If he gets elected, he and his staff and his movement will be in over their heads (if they aren’t already): If all goes well, they’ll be dealing with a Democratic Congress bound to be balky and recalcitrant, every “centrist” pointing to their own constituency and saying, “well, I got elected too.” That’s normal and in the way of things. But I find the idea that he alone can deliver the goods, like the Great Pumpkin to the children in the most sincere pumpkin patch, a little oversold.
I’d rather have someone who has some textured life experience; who has changed her mind when new facts challenged her perceptions; who has entered into complex and bewildering arenas of power, and somehow come out victorious; who went to public colleges and somehow ended up teaching at Harvard Law; a “serious public intellectual” on matters of great consequence for justice; who is esteemed as a kind and genuine person (and funny); who is motivated by deep sense of decency.
She was a debate club champ in high school. She got married at 19. She eventually graduated from University of Houston; she taught special ed for a year, then went to law school at Rutgers. She moved from strength to strength — teaching at University of Houston; then to U of Texas; Penn; and finally Harvard Law School. In the cliquish, credentialing-heavy world of law, this kind of career path hardly ever happens.
Her research found that family bankruptcies were not the result of profligate spending, but usually the result of families trying to afford more desirable communities for their children; and medical debt. She confronted Democratic Party luminaries (like Joe Biden and Hillary Clinton) over their support for the shameful 2005 bankruptcy bill. She set up, but was not permitted to run, the Consumer Finance Protection Bureau, which returned nearly $12 billion to borrowers — which the Trump administration naturally locked down.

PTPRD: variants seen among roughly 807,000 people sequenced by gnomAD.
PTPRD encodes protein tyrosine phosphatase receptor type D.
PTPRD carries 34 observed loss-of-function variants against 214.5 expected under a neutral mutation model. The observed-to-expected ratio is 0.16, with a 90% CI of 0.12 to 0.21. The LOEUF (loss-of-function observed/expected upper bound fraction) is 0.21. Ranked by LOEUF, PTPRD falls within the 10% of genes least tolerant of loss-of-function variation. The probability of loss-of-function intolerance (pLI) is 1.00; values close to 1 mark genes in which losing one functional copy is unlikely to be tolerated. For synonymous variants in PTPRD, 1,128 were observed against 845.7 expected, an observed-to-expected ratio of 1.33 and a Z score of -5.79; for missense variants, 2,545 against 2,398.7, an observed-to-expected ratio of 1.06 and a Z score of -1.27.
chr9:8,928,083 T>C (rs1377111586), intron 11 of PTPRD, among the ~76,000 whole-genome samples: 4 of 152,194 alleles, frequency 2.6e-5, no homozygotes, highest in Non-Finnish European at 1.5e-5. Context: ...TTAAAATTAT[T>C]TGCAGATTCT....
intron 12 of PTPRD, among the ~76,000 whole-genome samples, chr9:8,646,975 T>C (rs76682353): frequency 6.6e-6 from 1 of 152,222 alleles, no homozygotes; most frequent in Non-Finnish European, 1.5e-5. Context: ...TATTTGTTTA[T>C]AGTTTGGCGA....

And as we know, she was drafted into the Massachusetts Senate race against Scott Brown, who was quite popular at the time; and as a complete newcomer to electoral politics … she paddled him good: 54-46%.
She is very progressive, with a boldness shaped by a recognition of the scale of our challenges. She supports the Green New Deal. She supports Medicare for All — and a way to get there. She supports Universal Child Care — and a way to get there. She has proposed an appropriately-ambitious wealth tax. As is well known, she has plans for people with disabilities; for African-Americans; for countless constituencies that finally feel seen, in depth, with care.
So I’d like to have someone who’s already tangled with a few lions, to throw into the arena with special interests. Maybe someone who has come up from not-much; with demonstrable character strengths forged in great challenges.
She is formidable.
I don’t know, folks. I know she’s behind, even in MA, and time is running out nationally. So what? Vote for whom you want. When someone like Elizabeth Warren runs for President of the United States, I just don’t see how you pass that up.
PS: The elephant in the room: She’s roughly the same age, hair color, education level, and gender as Hillary Clinton. If you think that’s not affecting people’s votes, I don’t think you know human nature.
Here’s a thread I wrote a while ago: